The Role of Self-Efficacy Beliefs in Development: Evidence from Tanzania

100 Pages Posted: 4 Oct 2017 Last revised: 24 Mar 2018

See all articles by Evan S. Lieberman

Evan S. Lieberman

Massachusetts Institute of Technology (MIT) - Department of Political Science

Yang-Yang Zhou

Princeton University, Department of Politics

Date Written: February 20, 2018

Abstract

Do self-efficacy beliefs affect whether citizens engage in development-enhancing behaviors? While scholars have found strong links between self-efficacy and political participation and work efforts in wealthy democracies, much less is known about the role of efficacy in low-income country contexts. In this study, we investigate the relationship between self-efficacy beliefs and citizens’ private and public efforts towards improving the quality of primary school learning in rural Tanzania. First, in a baseline observational study of parent-child dyads, we find a strong relationship between parent self-efficacy beliefs, pro-education parent behaviors, and child test scores. In considering why socioeconomic status (SES) often predicts levels of efficacy, we theorize that high SES individuals have greater opportunities to experience successful episodes of participation. Thus, while SES is difficult to change in the short run, we hypothesize that it may be possible to boost efficacy and pro-development behaviors among poor citizens through exposure to such opportunities. We report the results of a randomized control trial (RCT) of a novel meeting-based intervention - Validated Participation, which affords parents a unique opportunity to discuss evidence, make decisions, and receive validation. We find that this treatment causes a large increase in efficacy among poor parents. We also find suggestive evidence of behavior change in parents reported by teachers.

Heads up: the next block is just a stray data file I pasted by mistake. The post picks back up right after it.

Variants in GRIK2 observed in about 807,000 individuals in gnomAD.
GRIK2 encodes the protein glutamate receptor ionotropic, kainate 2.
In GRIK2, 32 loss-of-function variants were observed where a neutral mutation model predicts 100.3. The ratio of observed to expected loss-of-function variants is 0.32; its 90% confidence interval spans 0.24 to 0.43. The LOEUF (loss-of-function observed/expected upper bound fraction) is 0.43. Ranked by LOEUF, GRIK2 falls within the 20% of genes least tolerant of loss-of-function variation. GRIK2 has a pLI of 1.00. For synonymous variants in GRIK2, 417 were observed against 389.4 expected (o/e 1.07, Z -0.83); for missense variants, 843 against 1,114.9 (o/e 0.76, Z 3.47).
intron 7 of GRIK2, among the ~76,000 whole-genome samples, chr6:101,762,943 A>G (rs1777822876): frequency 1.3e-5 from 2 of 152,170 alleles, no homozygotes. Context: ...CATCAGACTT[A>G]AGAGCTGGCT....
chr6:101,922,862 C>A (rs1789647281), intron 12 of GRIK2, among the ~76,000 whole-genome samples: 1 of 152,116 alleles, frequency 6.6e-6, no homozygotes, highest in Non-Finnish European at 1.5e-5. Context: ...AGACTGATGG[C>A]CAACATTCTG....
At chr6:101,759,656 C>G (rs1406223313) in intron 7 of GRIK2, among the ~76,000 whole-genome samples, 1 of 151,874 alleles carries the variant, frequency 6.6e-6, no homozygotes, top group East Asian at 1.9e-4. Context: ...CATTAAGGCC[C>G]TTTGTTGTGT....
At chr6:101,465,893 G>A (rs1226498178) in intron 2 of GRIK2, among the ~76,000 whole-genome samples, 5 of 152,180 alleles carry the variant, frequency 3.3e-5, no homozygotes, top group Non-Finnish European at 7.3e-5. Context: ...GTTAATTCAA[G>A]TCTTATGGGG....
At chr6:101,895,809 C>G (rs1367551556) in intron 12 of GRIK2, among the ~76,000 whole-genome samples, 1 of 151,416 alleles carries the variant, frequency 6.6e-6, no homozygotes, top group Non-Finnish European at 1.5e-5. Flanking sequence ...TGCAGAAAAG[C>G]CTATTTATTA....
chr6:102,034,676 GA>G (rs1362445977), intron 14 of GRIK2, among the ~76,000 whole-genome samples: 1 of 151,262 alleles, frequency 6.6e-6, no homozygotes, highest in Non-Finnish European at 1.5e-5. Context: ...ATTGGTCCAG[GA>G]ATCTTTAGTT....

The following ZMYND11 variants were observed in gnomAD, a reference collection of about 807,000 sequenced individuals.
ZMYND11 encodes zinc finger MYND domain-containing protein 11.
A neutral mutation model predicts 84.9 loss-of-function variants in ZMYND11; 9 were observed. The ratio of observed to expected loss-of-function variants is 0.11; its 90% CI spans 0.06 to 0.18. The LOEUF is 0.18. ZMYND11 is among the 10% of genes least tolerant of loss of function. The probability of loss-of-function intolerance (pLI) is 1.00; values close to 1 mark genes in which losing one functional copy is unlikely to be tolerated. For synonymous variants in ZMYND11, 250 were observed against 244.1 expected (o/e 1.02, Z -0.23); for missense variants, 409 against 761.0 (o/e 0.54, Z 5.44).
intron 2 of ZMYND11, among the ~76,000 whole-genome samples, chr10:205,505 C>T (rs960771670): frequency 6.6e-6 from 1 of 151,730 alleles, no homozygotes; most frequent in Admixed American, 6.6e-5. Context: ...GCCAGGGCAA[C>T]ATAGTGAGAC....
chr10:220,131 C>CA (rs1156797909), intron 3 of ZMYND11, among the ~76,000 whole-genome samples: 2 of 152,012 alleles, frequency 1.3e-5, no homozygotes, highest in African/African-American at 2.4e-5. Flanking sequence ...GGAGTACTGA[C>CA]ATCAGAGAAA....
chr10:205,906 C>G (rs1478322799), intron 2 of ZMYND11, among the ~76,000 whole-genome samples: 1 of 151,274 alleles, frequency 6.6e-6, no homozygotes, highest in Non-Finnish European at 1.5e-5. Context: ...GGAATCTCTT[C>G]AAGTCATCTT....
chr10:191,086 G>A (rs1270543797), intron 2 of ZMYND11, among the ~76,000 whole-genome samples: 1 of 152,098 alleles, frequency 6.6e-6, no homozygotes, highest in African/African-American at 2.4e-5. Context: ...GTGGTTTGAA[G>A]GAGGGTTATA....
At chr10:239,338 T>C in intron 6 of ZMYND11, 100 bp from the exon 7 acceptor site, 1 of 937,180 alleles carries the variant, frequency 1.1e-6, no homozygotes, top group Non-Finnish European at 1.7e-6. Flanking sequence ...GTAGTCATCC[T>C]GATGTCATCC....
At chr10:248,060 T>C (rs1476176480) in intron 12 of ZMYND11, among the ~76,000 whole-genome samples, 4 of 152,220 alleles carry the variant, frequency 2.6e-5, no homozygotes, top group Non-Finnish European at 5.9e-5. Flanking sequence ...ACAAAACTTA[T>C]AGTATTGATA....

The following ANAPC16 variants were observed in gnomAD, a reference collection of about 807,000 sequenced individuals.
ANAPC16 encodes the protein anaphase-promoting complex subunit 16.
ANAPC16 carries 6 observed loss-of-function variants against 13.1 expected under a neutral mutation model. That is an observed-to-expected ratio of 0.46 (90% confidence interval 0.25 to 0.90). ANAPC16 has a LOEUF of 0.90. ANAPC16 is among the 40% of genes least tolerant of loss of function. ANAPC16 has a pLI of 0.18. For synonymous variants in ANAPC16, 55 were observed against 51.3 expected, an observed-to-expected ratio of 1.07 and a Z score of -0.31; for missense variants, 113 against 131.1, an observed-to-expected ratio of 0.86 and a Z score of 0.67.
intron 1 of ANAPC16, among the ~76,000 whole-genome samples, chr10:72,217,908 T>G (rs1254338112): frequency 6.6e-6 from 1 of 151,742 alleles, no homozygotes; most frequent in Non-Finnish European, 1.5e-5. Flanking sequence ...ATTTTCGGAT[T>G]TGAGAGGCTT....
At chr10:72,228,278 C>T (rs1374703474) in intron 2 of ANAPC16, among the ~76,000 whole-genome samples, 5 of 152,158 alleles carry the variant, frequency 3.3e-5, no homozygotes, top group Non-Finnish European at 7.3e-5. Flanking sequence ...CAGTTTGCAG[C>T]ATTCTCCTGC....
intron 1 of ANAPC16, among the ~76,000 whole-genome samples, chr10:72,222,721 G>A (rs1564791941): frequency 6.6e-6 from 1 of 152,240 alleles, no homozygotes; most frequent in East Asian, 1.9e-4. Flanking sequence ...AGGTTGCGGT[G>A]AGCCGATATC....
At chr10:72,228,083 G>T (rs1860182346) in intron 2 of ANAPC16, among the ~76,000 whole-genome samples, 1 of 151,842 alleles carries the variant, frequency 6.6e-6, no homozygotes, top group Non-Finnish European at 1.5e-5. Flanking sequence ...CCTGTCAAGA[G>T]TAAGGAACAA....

Keywords: self-efficacy, development, education, experiment, Africa

Suggested Citation

Lieberman, Evan S. and Zhou, Yang-Yang, The Role of Self-Efficacy Beliefs in Development: Evidence from Tanzania (February 20, 2018). MIT Political Science Department Research Paper No. 2018-2. Available at SSRN: https://ssrn.com/abstract=3047566 or http://dx.doi.org/10.2139/ssrn.3047566

Evan S. Lieberman

Massachusetts Institute of Technology (MIT) - Department of Political Science ( email )

77 Massachusetts Avenue
Cambridge, MA 02139
United States

Yang-Yang Zhou (Contact Author)

Princeton University, Department of Politics ( email )

Princeton, NJ
United States

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